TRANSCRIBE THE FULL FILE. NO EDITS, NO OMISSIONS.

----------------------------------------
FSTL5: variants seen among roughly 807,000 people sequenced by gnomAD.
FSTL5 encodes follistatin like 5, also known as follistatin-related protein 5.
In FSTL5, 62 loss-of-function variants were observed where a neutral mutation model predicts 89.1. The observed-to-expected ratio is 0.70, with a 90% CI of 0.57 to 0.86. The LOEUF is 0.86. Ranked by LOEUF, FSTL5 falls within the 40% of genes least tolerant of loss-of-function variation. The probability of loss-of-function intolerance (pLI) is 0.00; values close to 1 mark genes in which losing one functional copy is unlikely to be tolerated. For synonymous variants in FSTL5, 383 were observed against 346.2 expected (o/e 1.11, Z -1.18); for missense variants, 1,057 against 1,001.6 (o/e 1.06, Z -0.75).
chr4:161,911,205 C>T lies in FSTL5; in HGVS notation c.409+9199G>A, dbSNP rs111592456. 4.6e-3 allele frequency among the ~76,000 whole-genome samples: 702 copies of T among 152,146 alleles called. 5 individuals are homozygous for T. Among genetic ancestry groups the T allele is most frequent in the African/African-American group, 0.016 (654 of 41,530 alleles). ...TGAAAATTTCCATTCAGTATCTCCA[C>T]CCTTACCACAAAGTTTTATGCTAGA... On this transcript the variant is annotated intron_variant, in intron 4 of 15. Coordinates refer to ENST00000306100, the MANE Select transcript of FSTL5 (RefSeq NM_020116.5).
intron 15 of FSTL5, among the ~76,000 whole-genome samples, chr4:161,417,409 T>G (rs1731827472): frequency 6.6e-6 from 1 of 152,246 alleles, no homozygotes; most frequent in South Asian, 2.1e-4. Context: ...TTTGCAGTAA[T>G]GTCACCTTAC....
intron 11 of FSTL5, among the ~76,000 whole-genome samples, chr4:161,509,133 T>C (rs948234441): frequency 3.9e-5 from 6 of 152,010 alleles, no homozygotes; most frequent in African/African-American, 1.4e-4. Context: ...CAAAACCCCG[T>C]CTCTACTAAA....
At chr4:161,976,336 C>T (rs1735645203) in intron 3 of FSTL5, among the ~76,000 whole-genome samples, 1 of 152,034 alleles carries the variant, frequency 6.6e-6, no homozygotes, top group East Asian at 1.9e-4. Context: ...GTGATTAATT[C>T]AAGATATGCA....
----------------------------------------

FSTL5: variants seen among roughly 807,000 people sequenced by gnomAD.
FSTL5 encodes follistatin like 5, also known as follistatin-related protein 5.
In FSTL5, 62 loss-of-function variants were observed where a neutral mutation model predicts 89.1. The observed-to-expected ratio is 0.70, with a 90% CI of 0.57 to 0.86. The LOEUF is 0.86. Ranked by LOEUF, FSTL5 falls within the 40% of genes least tolerant of loss-of-function variation. The probability of loss-of-function intolerance (pLI) is 0.00; values close to 1 mark genes in which losing one functional copy is unlikely to be tolerated. For synonymous variants in FSTL5, 383 were observed against 346.2 expected (o/e 1.11, Z -1.18); for missense variants, 1,057 against 1,001.6 (o/e 1.06, Z -0.75).
chr4:161,911,205 C>T lies in FSTL5; in HGVS notation c.409+9199G>A, dbSNP rs111592456. 4.6e-3 allele frequency among the ~76,000 whole-genome samples: 702 copies of T among 152,146 alleles called. 5 individuals are homozygous for T. Among genetic ancestry groups the T allele is most frequent in the African/African-American group, 0.016 (654 of 41,530 alleles). ...TGAAAATTTCCATTCAGTATCTCCA[C>T]CCTTACCACAAAGTTTTATGCTAGA... On this transcript the variant is annotated intron_variant, in intron 4 of 15. Coordinates refer to ENST00000306100, the MANE Select transcript of FSTL5 (RefSeq NM_020116.5).
intron 15 of FSTL5, among the ~76,000 whole-genome samples, chr4:161,417,409 T>G (rs1731827472): frequency 6.6e-6 from 1 of 152,246 alleles, no homozygotes; most frequent in South Asian, 2.1e-4. Context: ...TTTGCAGTAA[T>G]GTCACCTTAC....
intron 11 of FSTL5, among the ~76,000 whole-genome samples, chr4:161,509,133 T>C (rs948234441): frequency 3.9e-5 from 6 of 152,010 alleles, no homozygotes; most frequent in African/African-American, 1.4e-4. Context: ...CAAAACCCCG[T>C]CTCTACTAAA....
At chr4:161,976,336 C>T (rs1735645203) in intron 3 of FSTL5, among the ~76,000 whole-genome samples, 1 of 152,034 alleles carries the variant, frequency 6.6e-6, no homozygotes, top group East Asian at 1.9e-4. Context: ...GTGATTAATT[C>T]AAGATATGCA....